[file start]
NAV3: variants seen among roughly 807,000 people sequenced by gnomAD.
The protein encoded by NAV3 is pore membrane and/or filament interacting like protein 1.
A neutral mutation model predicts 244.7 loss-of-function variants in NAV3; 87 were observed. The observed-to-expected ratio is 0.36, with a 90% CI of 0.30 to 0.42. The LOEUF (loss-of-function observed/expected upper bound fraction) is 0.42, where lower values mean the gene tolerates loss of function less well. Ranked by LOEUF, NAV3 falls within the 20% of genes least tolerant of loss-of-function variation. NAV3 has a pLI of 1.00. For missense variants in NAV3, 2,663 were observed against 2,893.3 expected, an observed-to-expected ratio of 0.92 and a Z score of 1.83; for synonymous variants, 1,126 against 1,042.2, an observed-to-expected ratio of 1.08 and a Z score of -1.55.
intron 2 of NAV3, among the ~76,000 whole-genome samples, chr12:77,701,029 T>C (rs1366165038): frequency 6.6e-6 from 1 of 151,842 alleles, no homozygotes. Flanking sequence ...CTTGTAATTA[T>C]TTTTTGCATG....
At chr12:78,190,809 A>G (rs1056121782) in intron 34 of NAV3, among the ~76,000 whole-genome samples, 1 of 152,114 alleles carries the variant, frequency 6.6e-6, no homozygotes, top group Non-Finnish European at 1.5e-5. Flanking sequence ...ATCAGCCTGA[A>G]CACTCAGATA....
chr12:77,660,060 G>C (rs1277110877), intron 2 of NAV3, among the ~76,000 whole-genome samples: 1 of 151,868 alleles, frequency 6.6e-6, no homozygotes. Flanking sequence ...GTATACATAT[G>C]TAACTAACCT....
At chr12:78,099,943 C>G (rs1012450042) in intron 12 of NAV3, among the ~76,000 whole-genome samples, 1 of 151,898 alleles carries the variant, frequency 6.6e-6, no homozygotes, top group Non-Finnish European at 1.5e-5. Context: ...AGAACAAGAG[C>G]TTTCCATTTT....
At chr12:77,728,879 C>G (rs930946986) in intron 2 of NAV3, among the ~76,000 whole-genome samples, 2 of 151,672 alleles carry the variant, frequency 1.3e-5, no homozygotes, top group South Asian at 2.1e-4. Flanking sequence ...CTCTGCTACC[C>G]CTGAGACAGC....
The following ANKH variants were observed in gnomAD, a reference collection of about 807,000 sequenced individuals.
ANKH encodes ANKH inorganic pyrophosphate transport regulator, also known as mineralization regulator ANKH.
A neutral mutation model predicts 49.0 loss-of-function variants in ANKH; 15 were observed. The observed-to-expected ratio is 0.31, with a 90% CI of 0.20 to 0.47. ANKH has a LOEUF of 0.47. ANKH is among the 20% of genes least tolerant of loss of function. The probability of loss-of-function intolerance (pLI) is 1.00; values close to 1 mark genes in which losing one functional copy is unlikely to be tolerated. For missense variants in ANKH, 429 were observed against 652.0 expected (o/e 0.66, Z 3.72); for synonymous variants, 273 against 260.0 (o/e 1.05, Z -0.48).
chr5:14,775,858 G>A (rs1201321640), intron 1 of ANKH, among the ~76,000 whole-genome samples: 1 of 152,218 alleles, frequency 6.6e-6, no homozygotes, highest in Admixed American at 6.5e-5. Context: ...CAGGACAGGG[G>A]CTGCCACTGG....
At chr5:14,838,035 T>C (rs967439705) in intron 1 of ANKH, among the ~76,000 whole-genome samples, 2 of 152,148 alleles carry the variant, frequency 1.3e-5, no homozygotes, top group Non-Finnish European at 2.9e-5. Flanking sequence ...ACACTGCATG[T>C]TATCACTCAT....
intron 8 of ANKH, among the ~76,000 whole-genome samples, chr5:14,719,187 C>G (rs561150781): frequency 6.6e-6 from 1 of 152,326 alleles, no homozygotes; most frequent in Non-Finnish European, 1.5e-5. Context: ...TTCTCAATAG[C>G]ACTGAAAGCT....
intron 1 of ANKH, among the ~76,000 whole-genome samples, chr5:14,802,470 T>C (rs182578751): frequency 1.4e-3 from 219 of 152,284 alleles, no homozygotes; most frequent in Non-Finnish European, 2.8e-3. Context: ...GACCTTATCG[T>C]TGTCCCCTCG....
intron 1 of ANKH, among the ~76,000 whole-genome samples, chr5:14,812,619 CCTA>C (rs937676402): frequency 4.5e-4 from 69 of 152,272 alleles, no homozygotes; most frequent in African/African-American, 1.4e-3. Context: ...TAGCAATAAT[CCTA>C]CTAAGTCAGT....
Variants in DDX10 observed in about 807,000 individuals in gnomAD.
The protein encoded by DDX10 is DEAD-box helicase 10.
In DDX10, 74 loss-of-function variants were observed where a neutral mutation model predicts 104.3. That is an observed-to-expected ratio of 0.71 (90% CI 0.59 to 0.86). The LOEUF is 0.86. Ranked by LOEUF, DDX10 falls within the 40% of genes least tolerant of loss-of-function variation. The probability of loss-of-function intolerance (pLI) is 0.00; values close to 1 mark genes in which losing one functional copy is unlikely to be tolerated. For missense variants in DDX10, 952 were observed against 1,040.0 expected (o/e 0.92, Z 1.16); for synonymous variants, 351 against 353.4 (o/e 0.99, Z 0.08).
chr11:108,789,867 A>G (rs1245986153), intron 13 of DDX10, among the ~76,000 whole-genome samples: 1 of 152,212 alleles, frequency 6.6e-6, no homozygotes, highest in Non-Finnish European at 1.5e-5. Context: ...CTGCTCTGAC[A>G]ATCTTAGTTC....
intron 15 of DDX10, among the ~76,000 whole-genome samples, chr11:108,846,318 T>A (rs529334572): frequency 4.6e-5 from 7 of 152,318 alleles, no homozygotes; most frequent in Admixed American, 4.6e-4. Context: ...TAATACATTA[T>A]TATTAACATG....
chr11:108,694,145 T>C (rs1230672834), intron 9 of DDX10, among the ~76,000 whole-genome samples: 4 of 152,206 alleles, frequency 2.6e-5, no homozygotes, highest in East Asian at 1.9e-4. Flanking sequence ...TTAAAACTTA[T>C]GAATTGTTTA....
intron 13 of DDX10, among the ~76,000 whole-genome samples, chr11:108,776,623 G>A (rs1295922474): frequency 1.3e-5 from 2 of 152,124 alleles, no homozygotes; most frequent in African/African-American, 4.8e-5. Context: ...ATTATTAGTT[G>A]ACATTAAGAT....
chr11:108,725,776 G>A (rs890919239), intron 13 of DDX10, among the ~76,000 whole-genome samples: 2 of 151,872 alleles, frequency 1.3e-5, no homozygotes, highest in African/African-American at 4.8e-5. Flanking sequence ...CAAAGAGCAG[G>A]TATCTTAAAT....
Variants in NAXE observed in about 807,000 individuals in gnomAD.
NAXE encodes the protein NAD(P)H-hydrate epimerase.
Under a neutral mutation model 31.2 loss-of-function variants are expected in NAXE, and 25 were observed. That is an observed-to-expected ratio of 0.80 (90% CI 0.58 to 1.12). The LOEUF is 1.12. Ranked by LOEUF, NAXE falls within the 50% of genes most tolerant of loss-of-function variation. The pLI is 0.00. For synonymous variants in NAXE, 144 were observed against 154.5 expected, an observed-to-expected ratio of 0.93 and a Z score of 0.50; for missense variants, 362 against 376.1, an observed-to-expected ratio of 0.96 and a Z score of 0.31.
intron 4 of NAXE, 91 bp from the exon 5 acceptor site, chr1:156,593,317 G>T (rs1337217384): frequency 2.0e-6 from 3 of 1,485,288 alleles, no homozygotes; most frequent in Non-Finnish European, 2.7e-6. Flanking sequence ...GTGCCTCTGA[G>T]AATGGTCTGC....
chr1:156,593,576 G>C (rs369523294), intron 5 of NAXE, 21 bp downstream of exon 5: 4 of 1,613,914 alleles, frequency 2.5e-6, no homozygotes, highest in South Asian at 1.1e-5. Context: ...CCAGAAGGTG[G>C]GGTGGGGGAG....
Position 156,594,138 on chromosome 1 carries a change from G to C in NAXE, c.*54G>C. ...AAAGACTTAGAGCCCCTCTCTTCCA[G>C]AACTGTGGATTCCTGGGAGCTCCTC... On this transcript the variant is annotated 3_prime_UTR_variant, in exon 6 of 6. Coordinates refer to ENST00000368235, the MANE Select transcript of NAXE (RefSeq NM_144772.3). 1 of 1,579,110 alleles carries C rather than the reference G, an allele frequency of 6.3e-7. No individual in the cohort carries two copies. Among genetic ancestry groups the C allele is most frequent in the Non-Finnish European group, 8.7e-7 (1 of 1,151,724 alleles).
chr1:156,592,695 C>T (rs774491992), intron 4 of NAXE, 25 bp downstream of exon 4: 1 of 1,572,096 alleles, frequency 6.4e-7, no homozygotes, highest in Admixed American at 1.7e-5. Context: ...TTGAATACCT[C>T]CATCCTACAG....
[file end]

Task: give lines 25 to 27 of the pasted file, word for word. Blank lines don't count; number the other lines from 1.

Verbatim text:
Variants in NAXE observed in about 807,000 individuals in gnomAD.
NAXE encodes the protein NAD(P)H-hydrate epimerase.
Under a neutral mutation model 31.2 loss-of-function variants are expected in NAXE, and 25 were observed. That is an observed-to-expected ratio of 0.80 (90% CI 0.58 to 1.12). The LOEUF is 1.12. Ranked by LOEUF, NAXE falls within the 50% of genes most tolerant of loss-of-function variation. The pLI is 0.00. For synonymous variants in NAXE, 144 were observed against 154.5 expected, an observed-to-expected ratio of 0.93 and a Z score of 0.50; for missense variants, 362 against 376.1, an observed-to-expected ratio of 0.96 and a Z score of 0.31.